(n.d.). Development Process. Trade. Retrieved from: http://www.orau.gov/pbm/handbook/1-1.pdf
Court, L., & Warmington, C. (2004). The workplace privacy myth: why electronic monitoring is here to stay. Employment and Labor Law, 1(1), 1-20.
Farooq, M., & Khan, M.A. (2011). Impact of Training and Feedback on Employee Performance. Far East Journal, 23-33. Retrieved from: http://www.fareastjournals.com/files/fejpbv5n1p2.pdf
Frayer, C. (2002). Employee privacy and internet monitoring: balancing workers’ rights and dignity with legitimate management interests. Business Lawyer, 57(2), 857-878.
Kerper, D.A. (1998). Strategic Behavioral Organizational Change A Model for Success. Misty River Consulting. Retrieved from: http://www.mistyriver.net/downloadable_articles/Organizational%20Change%20Model.pdf
Markos, S., & Sridevi, S. (2010). Employee Engagement: The Key to Improving Performance. International Journal of Business and Management, 89-96. Retrieved from: http://www.myopinionatbesix.com/besixsurvey/media/besix-survey/pdf/4.-employee-engagement-the-key-to-improving-performance.pdf
Marshall, P. (2001). Are tougher laws needed to protect citizens? Privacy under Attack, 11(19), 1-30
(2011). Retail Sales Associate Job Description. Pacific Whale Foundation. Retrieved from: http://www.pacificwhale.org/sites/pacificwhale.org/files/Retail%20Sales%20Associate%2020110511.pdf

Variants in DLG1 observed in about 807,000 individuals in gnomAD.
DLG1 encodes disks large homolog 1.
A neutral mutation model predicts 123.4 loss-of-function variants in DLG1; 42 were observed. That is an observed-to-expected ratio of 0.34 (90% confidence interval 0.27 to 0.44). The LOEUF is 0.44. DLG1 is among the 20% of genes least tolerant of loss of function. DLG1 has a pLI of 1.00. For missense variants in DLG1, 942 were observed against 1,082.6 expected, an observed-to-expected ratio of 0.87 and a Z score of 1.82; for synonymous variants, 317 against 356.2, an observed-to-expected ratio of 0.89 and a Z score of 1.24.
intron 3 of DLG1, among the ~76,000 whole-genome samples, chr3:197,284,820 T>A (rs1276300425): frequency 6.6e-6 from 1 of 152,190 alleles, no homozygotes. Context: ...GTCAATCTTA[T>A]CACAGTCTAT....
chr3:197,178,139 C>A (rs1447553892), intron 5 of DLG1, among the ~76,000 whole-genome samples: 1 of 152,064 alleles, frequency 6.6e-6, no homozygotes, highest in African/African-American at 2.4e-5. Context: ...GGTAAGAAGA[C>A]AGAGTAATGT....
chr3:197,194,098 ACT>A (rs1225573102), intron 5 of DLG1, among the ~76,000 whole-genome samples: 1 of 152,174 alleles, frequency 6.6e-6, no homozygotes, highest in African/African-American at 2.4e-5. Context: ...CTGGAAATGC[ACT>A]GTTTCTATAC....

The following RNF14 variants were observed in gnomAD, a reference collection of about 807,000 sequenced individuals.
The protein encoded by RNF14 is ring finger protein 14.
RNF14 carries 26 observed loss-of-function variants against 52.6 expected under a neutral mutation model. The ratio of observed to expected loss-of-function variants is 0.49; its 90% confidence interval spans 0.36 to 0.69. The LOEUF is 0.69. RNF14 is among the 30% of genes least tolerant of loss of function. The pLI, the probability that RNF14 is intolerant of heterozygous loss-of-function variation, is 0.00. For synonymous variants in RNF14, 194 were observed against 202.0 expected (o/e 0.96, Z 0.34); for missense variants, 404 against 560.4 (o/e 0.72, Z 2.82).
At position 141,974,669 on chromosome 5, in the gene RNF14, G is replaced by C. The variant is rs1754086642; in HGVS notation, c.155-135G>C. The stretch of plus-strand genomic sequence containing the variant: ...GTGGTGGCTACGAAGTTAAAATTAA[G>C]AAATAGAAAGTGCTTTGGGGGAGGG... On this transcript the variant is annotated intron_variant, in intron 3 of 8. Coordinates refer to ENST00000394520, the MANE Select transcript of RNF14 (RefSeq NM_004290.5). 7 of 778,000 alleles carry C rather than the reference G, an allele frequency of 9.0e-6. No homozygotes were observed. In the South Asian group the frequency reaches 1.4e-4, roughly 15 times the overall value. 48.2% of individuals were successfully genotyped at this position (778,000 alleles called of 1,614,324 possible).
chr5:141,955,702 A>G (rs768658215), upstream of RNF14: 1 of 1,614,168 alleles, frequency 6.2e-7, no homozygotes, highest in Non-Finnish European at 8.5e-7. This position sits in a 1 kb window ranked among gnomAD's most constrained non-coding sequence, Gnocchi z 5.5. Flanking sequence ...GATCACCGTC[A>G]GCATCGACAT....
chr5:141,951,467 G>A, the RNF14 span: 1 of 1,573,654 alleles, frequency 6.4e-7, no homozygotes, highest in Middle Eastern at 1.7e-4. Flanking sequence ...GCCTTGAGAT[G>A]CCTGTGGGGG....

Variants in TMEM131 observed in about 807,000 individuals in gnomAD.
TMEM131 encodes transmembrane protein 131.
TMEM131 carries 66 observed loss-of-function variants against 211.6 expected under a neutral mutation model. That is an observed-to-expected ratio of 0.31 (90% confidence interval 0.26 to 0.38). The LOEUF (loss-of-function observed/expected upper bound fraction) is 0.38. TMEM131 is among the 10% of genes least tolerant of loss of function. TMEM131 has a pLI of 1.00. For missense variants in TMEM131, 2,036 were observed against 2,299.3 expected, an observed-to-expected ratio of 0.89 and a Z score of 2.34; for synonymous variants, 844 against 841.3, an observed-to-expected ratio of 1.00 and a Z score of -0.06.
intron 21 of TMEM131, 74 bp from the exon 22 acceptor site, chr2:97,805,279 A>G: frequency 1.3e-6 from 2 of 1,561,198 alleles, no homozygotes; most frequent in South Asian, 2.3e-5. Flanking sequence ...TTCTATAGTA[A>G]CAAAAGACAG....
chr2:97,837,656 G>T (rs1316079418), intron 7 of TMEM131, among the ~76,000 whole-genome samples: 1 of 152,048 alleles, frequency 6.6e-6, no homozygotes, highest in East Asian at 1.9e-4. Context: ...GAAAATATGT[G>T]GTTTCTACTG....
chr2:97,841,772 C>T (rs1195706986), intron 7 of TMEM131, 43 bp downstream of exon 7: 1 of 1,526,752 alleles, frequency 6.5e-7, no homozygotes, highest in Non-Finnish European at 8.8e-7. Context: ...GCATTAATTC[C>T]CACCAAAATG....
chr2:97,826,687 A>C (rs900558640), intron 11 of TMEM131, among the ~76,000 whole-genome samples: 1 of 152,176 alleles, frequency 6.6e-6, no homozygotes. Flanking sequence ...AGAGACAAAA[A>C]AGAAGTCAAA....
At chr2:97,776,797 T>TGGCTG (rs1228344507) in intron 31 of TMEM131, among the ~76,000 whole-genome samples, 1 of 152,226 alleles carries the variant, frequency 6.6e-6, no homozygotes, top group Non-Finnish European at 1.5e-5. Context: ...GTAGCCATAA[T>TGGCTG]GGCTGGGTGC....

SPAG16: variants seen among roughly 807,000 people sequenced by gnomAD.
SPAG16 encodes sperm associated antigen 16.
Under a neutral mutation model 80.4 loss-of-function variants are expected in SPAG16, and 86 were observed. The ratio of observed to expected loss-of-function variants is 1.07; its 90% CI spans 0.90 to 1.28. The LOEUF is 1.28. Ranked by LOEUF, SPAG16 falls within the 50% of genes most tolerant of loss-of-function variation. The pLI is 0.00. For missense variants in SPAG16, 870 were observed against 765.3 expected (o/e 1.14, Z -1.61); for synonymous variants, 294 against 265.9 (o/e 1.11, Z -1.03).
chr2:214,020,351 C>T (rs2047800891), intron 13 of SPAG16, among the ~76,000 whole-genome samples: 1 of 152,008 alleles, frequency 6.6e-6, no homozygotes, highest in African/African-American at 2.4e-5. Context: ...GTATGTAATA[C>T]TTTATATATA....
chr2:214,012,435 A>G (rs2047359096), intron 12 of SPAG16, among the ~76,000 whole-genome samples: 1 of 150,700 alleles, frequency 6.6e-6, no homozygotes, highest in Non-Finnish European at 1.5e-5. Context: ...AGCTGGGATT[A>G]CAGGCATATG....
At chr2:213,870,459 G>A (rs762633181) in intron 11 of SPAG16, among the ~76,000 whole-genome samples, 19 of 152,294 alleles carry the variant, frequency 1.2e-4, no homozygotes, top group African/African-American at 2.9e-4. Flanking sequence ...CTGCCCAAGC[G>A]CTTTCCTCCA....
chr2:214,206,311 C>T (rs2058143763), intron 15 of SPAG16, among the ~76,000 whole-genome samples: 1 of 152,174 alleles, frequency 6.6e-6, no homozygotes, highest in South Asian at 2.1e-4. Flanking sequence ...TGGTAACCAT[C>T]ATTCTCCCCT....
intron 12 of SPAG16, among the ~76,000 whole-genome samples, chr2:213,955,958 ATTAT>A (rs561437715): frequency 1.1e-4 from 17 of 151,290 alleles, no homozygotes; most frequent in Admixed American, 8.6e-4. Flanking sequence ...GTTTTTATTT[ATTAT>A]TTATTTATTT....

Michelli, Joseph (2007), “The Starbucks Experience: 5 Principles for Turning Ordinary into Extraordinary,” New York: McGraw Hill.
(n.d.). Sales Associate Job Description. The home depot. Retrieved from: http://wp.vcu.edu/dwardcareer/files/2013/03/home-depot-sales-associate.pdf
Verhoef, P., Lemon, K., Roggeveen, P., Tsiros, M., & Schlesinger, L. (2009). Customer Experience Creation: Determinants, Dynamics and Management Strategies. Journal of Retailing, 31-41. Retrieved from: http://www.rug.nl/staff/p.c.verhoef/jr_customer_experience.pdf
Wei, L.T., & Yazdanifard, R. (2014). The impact of Positive Reinforcement on Employees’ Performance in Organizations. American Journal of Industrial and Business Management, 9-12.
Woodbury, M. (2003).Computer and information ethics. Champaign, IL: Stipes Publishing LLC.
(2012). What’s Driving Tomorrow’s Retail Experience? Motorola Solutions. Retrieved from: https://www.zebra.com/content/dam/zebra/white-papers/en-us/motorola-whitepaper-zc-en-us.pdf
Yerby, J. (2013). Legal and ethical issues of employee monitoring. Online Journal of Applied Knowledge Management, 44-55. Retrieved from: http://www.iiakm.org/ojakm/articles/2013/volume1_2/OJAKM_Volume1_2pp44-55.pdf